So you’ve started your plants from seed and have been lovingly tending them the past few weeks. Now what?
Here in the Inland Northwest, the average last frost date is May 15. If you plant any of your tender seedlings – plants like tomatoes, peppers, eggplants, squash and most annual flowers – before that date, they might meet an untimely end.
To protect seedlings, there are steps you can take to ensure all of our nurturing efforts are worthwhile:
• Harden off the seedlings to get them acclimated to the weather. This involves taking plants outdoors the week before you plant them in the garden. On the first day, they’ll just be outside for an hour before being returned to the controlled conditions of your home. Increase the time of these little field trips by an hour each day.
• Don’t let the plants get sunburned. You probably thought only humans got sunburned, right? Actually, the seedlings’ leaves are quite delicate and won’t be used to the intensity of the sunlight at first.
I’m embarrassed to admit this but I’ve been guilty of this very offense in years past. I’ve gotten excited about warming trends and moved plants right out into the garden to begin their new lives outdoors – only to discover, a day or two later, that their previously green leaves have burned to a pale white color. It won’t necessarily kill the plants but it certainly will set them back.
The better way to handle this is to make sure they are under a cover or in the shade to lessen the intensity of the sun. If you’re in the process of hardening off the seedlings, put them under a lattice or shade cloth for the first few days. If it’s warm enough to plant the seedlings in the garden, a shade cloth or row cover will provide them with some protection while they’re getting used to the sunlight.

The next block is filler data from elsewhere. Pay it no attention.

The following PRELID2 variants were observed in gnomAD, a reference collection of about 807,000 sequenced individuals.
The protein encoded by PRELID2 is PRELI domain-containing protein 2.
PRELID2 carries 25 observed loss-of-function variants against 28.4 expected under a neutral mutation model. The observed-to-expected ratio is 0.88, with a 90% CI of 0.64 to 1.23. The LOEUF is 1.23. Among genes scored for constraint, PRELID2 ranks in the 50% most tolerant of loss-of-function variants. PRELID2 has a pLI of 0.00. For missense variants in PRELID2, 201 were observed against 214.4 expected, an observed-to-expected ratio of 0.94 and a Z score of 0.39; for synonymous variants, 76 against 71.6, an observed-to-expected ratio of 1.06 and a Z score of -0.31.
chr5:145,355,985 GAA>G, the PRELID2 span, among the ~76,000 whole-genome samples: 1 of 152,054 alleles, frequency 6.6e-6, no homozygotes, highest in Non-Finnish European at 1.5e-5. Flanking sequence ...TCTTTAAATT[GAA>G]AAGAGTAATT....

• Protect seedlings from the wind as well. Some plants, like squash and melons, have very succulent main stems that can snap in two in the wind. Unfortunately, there’s no recovery from a calamity like that. If you are hardening them off or have planted them in the garden, protect them from the wind until their stems grow stronger.
One way to do this is to stand up a wooden shingle or small board next to the plant on the windward side. Or you can cover the bed temporarily with a floating row cover or shade cloth.
I use row covers quite a bit in my vegetable garden. This lightweight, spun-bonded fabric lets in air, light and moisture in addition to providing plants with a protected environment. Row covers also act as insect barriers and are what organic farmers typically use to keep damaging insects like aphids, cabbage loopers and leaf miners off their susceptible crops.
Another useful aspect of row covers is that they provide frost protection down to about 28 degrees. They can be found at large garden centers or online.
Heavyweight row covers – also referred to as frost blankets or garden quilts – protect plants down to about 24 degrees. Mail-order businesses that sell them include Johnny’s Selected Seeds ( www.johnnyseeds.com), Gardens Alive ( www.gardensalive.com) and Harris Seeds ( www.harrisseeds.com).
Just don’t leave row covers over plants that will need to be pollinated later. Remove the covers from tomatoes, squash, melons, pumpkins, eggplants and peppers once the weather is reliably warm so the bees can work their magic.
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